The great debate - part 2

By Jeff StrangNZ Fishing World
The great debate - part 2

An open-minded approach to one of modern fishing’s hottest topics.

Do you know why fishing clubs are so noisy? It's all the arguing.  

Fishermen are highly engaged and passionate people, which is partly what makes working in the industry so rewarding. Yet the loyalty that binds together this many-flavoured bag of allsorts is often the spice that tears it apart. 

For me, every fishing day and situation is taken in its own context and I try to find the solution that is most likely to achieve the desired result. I don't always get it right but I do usually learn something with each new experience.  

Brakes on or off?

In very general terms I prefer to fish natural bait when fishing on the anchor, and lures when underway or on the drift. The circumstances that determine the anchor's deployment or otherwise, are usually related to the weather but sometimes I'll stick the pick down just because it's relaxing. The following four scenarios are my best attempt at summarising situations most of us will face during a fishing season:

Drift fishing works but requires a sea anchor in any breeze

Wintery wind

Late winter and early spring are often windy with few work-up opportunities and it can take time to bring the fish on the bite. It's the perfect situation for a well-planned straylining session.

The challenge lies in locating fish in a spot that can be successfully targeted, usually in relation to some structure. It is worth planning likely spots in advance with a view to being there at a time the wind  and tide are closely aligned. With these two important influences favourable, the chances of productive fishing are greatly enhanced. 

The trick to a long session is establishing a solid berley trail and giving it plenty of time to work its magic; pulling fish from the wider area into a concentration near the boat. As the tidal flow changes intensity it is important to keep adjusting the sinker size so the bait enters the strike-zone correctly and as naturally as possible. 

Don't be put off if the current is too strong for straylining. Many great sessions have been enjoyed fishing hard on the bottom when nothing else is working.

Ledger rigs work well in tougher conditions

Ledger rigs should not be underestimated

Harbour currents

The same anchoring principle applies when fishing in strong harbour currents, particularly if the fish are holding in fairly isolated patches. 

While many harbours fish well with heavily weighted soft-plastics - the Kaipara is an excellent example - many don't have the volumes of water to hold large areas of fish, instead presenting small schools that can be targeted from an anchored boat fishing a berley trail.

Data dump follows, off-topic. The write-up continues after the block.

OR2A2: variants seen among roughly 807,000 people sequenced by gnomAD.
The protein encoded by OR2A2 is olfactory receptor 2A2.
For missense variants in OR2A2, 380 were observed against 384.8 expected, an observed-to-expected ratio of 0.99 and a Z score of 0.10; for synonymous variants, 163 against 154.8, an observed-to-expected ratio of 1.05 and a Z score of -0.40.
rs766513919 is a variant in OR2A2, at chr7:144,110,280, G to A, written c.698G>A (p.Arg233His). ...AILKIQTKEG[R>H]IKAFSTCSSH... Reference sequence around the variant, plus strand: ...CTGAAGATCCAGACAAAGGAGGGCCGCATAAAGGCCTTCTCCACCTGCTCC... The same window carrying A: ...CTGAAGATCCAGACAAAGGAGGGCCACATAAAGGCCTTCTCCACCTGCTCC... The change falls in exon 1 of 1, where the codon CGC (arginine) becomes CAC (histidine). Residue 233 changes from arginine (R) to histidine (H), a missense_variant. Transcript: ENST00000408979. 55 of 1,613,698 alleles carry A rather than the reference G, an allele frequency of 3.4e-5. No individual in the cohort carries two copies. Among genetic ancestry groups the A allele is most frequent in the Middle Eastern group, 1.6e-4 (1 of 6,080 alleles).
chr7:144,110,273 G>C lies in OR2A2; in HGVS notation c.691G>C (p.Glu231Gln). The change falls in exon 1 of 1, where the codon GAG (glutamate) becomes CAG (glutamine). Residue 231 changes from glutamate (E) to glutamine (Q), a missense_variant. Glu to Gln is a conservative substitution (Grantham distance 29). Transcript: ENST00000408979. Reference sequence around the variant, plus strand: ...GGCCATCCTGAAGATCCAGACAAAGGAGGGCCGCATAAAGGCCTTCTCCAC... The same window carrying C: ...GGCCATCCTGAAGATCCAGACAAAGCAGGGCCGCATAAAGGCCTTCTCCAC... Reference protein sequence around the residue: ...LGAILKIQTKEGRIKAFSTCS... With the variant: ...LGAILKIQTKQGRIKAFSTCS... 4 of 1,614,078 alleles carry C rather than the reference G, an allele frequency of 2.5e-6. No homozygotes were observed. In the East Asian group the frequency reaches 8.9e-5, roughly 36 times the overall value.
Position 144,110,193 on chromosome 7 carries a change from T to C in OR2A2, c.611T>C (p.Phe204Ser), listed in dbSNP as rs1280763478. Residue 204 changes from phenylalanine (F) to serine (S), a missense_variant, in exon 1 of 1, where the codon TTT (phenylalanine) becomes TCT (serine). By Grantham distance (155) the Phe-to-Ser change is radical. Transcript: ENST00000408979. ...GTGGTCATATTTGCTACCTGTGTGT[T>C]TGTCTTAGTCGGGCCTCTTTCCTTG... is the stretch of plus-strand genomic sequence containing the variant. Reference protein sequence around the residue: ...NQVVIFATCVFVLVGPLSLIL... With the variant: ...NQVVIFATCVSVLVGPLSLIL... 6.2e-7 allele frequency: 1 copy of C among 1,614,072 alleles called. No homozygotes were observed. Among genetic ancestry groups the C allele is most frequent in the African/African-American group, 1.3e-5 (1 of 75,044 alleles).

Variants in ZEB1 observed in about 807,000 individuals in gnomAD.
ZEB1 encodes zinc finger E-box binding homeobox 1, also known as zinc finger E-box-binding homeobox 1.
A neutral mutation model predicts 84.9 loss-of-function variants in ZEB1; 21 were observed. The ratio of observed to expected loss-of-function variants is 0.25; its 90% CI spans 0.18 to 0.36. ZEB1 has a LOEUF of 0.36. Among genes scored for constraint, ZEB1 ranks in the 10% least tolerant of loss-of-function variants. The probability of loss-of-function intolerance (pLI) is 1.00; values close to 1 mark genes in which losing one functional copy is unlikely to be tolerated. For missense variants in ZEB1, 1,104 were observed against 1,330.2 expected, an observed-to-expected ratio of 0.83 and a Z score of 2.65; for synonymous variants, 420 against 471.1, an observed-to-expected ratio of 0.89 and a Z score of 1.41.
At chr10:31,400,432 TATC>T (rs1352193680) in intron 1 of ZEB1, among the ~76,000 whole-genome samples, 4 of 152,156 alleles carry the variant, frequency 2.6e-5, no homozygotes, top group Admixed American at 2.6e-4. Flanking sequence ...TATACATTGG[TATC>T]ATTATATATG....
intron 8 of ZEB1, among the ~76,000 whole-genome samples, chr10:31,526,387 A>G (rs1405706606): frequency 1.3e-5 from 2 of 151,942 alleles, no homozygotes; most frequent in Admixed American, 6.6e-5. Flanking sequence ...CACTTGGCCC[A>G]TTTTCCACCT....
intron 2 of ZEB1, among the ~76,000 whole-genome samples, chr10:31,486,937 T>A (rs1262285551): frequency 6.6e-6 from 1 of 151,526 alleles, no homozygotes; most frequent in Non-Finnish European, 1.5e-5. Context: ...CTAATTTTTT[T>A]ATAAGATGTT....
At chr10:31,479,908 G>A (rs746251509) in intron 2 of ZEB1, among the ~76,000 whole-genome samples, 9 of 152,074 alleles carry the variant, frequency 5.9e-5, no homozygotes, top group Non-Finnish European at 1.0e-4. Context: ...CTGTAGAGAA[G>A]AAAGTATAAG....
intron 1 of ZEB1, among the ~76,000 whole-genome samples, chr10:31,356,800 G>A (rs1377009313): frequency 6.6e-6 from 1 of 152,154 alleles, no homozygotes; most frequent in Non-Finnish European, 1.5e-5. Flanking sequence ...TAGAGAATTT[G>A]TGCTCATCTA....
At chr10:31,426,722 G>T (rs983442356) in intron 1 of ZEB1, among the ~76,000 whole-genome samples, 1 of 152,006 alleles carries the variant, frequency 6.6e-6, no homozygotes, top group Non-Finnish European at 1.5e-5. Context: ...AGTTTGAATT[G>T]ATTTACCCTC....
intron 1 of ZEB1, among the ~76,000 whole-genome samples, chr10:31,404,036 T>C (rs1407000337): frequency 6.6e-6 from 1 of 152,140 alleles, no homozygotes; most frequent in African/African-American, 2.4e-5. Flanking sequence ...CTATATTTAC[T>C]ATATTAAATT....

Such shallow water offers all sorts of interesting possibilities, particularly for those who like to try their luck on ultra-light line or salt-water fly.

Two types of stray line rig

Two types of strayline rig. The author seldom fishes with a swivel in place.

Work-ups and deeper water

Few scenarios are more productive than work-up fishing, particularly in the Hauraki Gulf. Anchoring is not an option and is counter-productive as you often need to remain mobile to stay in touch with fast moving activity. 

Both softbaits and slow-jig style lures are a fantastic choice for this style of fishing. Snapper under work-ups gobble most lures aggressively if presented correctly, on braid-spooled reels with sensitive rods.

It's a clean, cost effective style of fishing likely to fill the bin quickly. Even on a quieter day where the birds are more spread out, drifting slowly with a sea anchor deployed, slow jig, soft-bait and conventional jig users often out fish their bait fishing counterparts at least two to one. 

Work-up fishing will fill the bin faster than most methods

Work-up fishing is the quickest of bin fillers when it is on.

Wash fishing

Correctly utilised soft-baits are hugely productive in a wide range of scenarios but they really come into their own when fishing in wash conditions on rocky and kelpy coastlines. 

A high degree of skill is needed to cast accurately and retrieve at a rate and style most likely to produce results. Even so, once mastered it is highly addictive with ferocious bites from snapper responding in a predatory manner to a soft bait darting through the wash. 

I have enjoyed great success fishing from a super stealthy kayak but don't discount a boat - particularly a centre console - as a platform.